The use of live, or automated, facial recognition (LFR) software by law enforcement in public places is increasing rapidly in the UK. It enables rapid surveillance of thousands of people.
Whilst the use of LFR software to locate serious offenders has obvious benefits to law enforcement authorities, concerns have been raised by civil liberties groups and the Information Commissioner’s Office (ICO) about infringement of privacy and inherent bias in the technology.
LFR software analyses a person’s facial features and then compares its findings against the faces of those stored in a database (known as “watchlists”) to try to find a match. The database may include suspects, missing people and persons of interest.
In August 2016 the Metropolitan Police Service deployed LFR technology at the Notting Hill Carnival. Since June 2017 the South Wales Police has deployed LFR on a number of occasions at sports matches and other large events. More recently, in February 2020 the Metropolitan Police started using LFR cameras on London Streets.
In September 2019 the High Court gave its judgment on a judicial review claim concerning the use of LFR technology by South Wales police .
This was a significant decision and the first time the use of LFR technology has been scrutinised by our courts.
The face of a member of the public, Edward Bridges, was scanned by South Wales police’s LFR technology – known as AFR Locate – during a pilot project whilst he attended a peaceful anti-arms protest in 2018 and was shopping for Christmas in the previous year.
Mr Bridges’ claimed that the processing of his image violated his privacy and data protection rights and caused him distress.
The main issue was whether or not existing rules and regulations are sufficient to ensure that the use of LFR is non-arbitrary and suitable for its purpose.
In its decision, the High Court found that South Wales police’s use of LFR technology was lawful and the claim for judicial review was dismissed on all grounds.
The layers of rules and regulations (primary legislations, codes of practice and local policies) that regulate the South Wales police’s broad common law powers, and accordingly their use of this technology, was a key factor in finding that the current legal framework adequately governs the proper use of LFR.
This decision was decided on its facts and it should not be seen as a general permission to use LFR technology. An appeal against this decision is pending which we will follow with interest.
This decision has highlighted the difficult balance between individuals’ rights to privacy and the need for police powers to keep us safe.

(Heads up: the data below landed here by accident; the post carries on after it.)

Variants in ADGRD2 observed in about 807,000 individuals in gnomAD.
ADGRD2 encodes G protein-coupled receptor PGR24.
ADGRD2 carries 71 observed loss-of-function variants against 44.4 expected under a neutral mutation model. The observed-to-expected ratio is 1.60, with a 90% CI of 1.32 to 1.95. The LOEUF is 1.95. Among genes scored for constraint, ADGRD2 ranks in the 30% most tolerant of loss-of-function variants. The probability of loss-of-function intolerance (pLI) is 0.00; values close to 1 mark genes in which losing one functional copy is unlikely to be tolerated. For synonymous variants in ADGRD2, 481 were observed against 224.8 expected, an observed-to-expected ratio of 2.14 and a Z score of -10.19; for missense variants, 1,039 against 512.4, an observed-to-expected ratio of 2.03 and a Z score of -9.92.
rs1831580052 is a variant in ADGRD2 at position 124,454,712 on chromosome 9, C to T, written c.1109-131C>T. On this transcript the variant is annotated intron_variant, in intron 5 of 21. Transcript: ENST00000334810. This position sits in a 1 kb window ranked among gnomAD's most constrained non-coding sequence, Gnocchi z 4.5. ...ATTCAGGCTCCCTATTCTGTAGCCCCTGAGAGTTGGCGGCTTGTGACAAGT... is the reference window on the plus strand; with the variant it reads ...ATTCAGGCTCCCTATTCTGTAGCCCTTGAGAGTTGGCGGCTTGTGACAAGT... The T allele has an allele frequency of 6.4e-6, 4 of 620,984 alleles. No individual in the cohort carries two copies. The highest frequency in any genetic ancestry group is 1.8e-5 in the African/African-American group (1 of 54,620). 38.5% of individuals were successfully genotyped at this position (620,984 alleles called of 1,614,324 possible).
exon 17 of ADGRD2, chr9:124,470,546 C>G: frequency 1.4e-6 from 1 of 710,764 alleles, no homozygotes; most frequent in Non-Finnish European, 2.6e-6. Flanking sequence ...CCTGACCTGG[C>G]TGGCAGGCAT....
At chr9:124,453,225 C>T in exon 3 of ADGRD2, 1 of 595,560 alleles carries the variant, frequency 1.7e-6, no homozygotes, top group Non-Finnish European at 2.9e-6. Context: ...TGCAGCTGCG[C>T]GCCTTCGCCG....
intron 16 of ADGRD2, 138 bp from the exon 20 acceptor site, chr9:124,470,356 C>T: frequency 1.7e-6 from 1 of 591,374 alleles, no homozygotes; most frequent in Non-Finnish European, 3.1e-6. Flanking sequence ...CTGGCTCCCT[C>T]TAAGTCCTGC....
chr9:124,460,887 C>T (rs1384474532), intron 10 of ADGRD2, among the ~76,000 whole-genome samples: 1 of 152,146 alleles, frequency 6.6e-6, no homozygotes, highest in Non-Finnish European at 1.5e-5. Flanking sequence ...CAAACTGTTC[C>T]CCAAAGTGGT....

Since this decision the ICO has issued an opinion in the use of this technology by law enforcement in public places and has published its report on its investigation into such use. The ICO’s opinion makes the following points:
- Data protection law applies to use of LFR because it involves the processing of personal data
- The use of LFR for law enforcement purposes is sensitive processing because it involves processing biometric data of members of the public for the purposes of uniquely identifing an individual
- Controllers must identify a lawful basis for LFR and have an appropriate policy document in place at the time of processing
- In the absence of individual consent, the processing must be “strictly necessary” for the law enforcement purposes.
The ICO has raised significant concerns about the creation of watchlists that are compiled using custody images that should have been deleted from police systems or are compiled from images with uncertain provenance where accuracy may be an issue (for example sourced from social media).
The ICO also raised concerns about the potential for inherent technical bias (for example gender or ethnicity bias) in the way the LFR technology works.
In the not too distant future, we can expect to see a binding code of practice issued for police and other law enforcement agencies on the use of LFR and similar biometric technologies.
LFR technology can enable the surveillance of individuals on a massive scale. It has the potential to be a force for good – maintain public security by identifying and aiding the apprehension of criminals.
However, adequate safeguards must be put in place for this technology otherwise it could be used intrusively or inconsistently by law enforcement organisations which could undermine public confidence in its use.